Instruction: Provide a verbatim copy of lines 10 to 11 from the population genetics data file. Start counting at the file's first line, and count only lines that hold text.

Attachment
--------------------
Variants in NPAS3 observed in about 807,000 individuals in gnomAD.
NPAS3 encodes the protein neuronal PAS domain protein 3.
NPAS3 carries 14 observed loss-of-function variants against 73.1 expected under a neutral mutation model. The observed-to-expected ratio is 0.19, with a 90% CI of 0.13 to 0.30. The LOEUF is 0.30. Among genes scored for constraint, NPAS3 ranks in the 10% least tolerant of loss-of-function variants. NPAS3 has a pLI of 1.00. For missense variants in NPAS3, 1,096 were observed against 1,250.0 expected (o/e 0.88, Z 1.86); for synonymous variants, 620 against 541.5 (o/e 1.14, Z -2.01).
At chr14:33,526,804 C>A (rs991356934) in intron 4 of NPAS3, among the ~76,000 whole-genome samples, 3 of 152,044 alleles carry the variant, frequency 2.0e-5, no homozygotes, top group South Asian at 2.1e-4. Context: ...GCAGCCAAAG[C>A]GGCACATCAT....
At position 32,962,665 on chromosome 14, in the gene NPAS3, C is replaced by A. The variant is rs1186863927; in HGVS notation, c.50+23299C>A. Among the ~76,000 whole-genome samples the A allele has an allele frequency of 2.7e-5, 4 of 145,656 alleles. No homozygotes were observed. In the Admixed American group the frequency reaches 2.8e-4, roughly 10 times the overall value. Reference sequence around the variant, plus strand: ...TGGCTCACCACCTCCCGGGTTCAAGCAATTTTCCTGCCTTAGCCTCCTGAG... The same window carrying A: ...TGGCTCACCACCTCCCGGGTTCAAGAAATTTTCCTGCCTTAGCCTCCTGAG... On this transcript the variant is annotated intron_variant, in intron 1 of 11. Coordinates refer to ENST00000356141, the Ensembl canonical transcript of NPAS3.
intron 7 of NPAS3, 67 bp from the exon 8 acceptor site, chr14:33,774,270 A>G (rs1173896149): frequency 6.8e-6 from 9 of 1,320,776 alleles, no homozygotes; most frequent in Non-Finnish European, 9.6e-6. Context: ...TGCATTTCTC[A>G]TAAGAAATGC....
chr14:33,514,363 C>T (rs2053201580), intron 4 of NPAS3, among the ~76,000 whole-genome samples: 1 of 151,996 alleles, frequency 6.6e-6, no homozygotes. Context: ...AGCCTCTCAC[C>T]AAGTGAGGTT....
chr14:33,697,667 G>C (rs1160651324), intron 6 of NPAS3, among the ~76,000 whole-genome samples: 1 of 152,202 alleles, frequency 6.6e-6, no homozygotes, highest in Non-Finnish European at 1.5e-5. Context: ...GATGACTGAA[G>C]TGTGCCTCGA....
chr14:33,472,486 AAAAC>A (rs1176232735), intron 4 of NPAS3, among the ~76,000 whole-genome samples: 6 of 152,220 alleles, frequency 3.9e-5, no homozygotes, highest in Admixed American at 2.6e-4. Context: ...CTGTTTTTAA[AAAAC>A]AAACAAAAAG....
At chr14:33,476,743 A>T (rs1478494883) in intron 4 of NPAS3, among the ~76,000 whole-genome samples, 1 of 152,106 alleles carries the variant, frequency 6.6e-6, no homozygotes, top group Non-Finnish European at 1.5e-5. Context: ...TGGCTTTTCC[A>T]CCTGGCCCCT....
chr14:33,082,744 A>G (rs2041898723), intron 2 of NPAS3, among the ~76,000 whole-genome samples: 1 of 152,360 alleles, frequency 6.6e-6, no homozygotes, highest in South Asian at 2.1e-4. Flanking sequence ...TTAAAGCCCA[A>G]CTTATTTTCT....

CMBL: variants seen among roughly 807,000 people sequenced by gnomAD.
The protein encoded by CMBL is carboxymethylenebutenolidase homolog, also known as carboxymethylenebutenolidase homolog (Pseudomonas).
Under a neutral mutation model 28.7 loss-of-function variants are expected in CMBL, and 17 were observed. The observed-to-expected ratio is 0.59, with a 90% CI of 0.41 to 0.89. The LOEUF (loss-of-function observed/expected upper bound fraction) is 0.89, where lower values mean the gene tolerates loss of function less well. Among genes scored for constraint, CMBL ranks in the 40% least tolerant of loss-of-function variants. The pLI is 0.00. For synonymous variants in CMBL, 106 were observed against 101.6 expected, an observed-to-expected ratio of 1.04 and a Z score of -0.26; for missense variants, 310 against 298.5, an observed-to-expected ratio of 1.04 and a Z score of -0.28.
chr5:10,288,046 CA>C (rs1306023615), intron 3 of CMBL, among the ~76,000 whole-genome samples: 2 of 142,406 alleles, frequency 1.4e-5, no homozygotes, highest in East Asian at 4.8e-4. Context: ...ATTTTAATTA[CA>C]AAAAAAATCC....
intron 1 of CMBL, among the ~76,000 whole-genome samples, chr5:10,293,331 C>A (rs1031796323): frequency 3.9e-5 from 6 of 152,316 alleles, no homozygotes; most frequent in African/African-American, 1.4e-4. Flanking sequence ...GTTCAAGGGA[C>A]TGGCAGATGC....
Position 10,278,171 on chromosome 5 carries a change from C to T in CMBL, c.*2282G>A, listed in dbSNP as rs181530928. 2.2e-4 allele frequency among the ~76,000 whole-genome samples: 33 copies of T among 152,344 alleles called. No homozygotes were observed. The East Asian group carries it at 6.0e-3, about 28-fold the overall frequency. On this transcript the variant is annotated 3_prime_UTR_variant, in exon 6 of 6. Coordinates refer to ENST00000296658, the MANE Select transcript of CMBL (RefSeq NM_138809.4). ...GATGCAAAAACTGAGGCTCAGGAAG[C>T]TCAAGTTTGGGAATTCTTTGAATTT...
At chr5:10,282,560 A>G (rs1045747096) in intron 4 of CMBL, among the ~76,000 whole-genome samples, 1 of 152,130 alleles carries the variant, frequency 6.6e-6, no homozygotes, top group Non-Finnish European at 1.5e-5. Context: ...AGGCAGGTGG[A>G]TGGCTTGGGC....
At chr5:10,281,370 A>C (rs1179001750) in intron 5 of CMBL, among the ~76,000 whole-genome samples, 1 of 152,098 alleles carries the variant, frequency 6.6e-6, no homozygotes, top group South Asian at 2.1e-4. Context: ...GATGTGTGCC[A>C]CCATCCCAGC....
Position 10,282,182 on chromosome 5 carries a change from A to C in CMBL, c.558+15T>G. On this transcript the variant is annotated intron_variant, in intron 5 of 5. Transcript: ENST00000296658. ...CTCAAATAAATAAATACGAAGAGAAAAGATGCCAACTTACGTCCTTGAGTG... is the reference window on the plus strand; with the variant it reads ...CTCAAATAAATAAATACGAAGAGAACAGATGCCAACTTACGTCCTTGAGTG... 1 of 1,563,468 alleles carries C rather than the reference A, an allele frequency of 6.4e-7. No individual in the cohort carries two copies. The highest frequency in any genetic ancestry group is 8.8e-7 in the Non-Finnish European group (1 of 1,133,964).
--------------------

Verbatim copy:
At chr14:33,476,743 A>T (rs1478494883) in intron 4 of NPAS3, among the ~76,000 whole-genome samples, 1 of 152,106 alleles carries the variant, frequency 6.6e-6, no homozygotes, top group Non-Finnish European at 1.5e-5. Context: ...TGGCTTTTCC[A>T]CCTGGCCCCT....
chr14:33,082,744 A>G (rs2041898723), intron 2 of NPAS3, among the ~76,000 whole-genome samples: 1 of 152,360 alleles, frequency 6.6e-6, no homozygotes, highest in South Asian at 2.1e-4. Flanking sequence ...TTAAAGCCCA[A>G]CTTATTTTCT....